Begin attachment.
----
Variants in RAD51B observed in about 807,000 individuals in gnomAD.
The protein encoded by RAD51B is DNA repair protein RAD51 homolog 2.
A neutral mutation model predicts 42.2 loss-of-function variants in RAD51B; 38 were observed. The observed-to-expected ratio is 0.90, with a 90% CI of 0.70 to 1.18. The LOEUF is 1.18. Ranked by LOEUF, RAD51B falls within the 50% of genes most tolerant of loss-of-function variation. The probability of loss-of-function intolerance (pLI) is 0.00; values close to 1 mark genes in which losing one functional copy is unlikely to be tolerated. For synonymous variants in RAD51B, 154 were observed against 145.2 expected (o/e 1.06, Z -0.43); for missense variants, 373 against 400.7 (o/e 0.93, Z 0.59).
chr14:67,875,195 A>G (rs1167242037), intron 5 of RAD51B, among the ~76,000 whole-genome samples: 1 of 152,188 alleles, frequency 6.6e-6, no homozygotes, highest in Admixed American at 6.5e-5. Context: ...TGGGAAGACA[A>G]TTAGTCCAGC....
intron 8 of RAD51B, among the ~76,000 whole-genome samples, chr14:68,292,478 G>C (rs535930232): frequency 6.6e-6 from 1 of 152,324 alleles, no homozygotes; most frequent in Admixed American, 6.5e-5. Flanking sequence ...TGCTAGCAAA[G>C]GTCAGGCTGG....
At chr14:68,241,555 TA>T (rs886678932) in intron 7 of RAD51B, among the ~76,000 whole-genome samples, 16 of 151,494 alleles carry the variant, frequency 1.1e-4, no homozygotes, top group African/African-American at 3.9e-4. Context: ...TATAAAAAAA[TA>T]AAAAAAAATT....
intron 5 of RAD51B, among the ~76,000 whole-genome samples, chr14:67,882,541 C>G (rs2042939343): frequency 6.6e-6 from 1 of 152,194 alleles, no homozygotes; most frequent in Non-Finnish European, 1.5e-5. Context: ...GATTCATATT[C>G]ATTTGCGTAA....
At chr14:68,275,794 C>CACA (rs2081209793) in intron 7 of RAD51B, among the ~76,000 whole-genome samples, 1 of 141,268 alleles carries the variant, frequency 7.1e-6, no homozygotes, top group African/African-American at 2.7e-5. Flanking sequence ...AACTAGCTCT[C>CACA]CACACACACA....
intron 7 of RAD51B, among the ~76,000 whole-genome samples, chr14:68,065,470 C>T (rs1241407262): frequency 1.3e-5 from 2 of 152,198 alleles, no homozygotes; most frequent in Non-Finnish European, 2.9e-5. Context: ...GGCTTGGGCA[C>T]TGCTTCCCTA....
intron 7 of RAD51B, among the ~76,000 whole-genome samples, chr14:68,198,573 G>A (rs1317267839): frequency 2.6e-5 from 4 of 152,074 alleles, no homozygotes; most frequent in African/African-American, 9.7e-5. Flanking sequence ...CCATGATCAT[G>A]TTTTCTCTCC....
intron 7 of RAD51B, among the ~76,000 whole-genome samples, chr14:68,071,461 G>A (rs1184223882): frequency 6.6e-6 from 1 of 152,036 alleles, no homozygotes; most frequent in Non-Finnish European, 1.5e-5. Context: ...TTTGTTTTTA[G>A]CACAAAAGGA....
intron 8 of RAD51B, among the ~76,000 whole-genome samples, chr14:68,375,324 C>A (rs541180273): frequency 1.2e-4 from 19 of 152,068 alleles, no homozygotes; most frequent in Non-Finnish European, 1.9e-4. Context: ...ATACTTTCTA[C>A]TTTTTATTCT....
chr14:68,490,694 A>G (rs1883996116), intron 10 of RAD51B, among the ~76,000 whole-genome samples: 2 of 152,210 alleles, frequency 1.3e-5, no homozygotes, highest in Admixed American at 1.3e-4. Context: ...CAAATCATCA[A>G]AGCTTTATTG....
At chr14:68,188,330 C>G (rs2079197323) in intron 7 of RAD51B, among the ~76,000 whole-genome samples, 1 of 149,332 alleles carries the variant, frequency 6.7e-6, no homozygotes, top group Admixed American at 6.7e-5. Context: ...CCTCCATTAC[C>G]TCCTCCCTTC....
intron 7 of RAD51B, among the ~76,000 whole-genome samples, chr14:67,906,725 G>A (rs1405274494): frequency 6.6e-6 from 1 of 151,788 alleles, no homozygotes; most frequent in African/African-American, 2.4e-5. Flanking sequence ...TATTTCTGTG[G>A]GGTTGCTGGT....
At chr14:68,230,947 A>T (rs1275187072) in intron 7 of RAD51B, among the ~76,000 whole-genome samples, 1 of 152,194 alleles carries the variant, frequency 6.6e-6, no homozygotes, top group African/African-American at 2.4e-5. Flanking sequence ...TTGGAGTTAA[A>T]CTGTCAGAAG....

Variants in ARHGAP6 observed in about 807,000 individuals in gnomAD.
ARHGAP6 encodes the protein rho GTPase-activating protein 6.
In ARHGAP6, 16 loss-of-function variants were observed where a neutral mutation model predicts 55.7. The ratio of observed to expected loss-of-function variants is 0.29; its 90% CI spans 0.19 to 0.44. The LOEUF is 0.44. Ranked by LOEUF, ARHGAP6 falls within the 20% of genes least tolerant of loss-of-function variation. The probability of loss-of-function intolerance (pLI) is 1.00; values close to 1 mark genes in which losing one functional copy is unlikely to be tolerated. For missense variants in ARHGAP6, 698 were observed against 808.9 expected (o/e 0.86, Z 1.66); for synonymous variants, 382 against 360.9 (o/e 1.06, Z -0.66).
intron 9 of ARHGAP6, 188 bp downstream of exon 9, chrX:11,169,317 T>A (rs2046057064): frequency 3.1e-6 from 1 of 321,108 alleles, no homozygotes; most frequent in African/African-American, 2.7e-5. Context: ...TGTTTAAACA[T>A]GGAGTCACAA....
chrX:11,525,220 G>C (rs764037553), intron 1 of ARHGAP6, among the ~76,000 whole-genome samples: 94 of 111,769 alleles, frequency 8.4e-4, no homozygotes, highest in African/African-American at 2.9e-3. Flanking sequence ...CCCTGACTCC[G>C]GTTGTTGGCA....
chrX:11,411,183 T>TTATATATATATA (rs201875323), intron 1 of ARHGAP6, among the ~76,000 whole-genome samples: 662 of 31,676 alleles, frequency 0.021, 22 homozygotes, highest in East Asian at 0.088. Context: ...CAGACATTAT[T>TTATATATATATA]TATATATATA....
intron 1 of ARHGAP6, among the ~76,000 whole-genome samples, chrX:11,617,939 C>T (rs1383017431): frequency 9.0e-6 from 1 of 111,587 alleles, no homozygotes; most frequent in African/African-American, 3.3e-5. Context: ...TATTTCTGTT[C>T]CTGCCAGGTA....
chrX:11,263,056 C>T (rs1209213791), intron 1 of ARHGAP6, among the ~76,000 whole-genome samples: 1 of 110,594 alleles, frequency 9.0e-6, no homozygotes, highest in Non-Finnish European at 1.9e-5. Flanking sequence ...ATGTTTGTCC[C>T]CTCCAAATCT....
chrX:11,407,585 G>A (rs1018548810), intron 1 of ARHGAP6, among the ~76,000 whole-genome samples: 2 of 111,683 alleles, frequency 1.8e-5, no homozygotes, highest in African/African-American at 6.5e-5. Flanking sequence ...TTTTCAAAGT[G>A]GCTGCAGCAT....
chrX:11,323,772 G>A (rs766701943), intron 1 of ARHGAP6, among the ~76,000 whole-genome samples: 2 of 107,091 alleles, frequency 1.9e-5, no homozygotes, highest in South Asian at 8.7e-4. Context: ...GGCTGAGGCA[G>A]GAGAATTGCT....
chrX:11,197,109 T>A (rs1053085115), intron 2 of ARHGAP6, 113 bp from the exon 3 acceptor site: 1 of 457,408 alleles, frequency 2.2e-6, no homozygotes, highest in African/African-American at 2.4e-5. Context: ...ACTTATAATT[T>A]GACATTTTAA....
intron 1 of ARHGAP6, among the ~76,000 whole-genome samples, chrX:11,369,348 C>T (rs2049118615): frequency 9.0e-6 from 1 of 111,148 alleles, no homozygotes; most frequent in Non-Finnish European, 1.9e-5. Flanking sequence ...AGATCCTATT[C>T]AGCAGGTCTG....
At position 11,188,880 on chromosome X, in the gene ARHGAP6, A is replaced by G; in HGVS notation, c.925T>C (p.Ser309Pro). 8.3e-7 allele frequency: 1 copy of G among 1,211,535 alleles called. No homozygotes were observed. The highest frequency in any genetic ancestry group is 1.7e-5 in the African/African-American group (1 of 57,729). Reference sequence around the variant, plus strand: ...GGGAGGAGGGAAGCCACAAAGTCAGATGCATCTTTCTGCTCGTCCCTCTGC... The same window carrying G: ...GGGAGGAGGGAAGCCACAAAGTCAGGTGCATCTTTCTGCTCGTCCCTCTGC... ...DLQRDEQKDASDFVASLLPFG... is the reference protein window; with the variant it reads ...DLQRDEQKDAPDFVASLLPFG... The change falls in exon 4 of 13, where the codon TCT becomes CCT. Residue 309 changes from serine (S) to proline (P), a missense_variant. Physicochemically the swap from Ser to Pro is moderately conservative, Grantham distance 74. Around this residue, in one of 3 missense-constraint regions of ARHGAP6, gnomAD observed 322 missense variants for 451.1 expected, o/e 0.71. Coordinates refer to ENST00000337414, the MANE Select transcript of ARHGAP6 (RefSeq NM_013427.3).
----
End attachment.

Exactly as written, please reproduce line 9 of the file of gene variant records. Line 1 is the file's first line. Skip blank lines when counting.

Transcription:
intron 7 of RAD51B, among the ~76,000 whole-genome samples, chr14:68,065,470 C>T (rs1241407262): frequency 1.3e-5 from 2 of 152,198 alleles, no homozygotes; most frequent in Non-Finnish European, 2.9e-5. Context: ...GGCTTGGGCA[C>T]TGCTTCCCTA....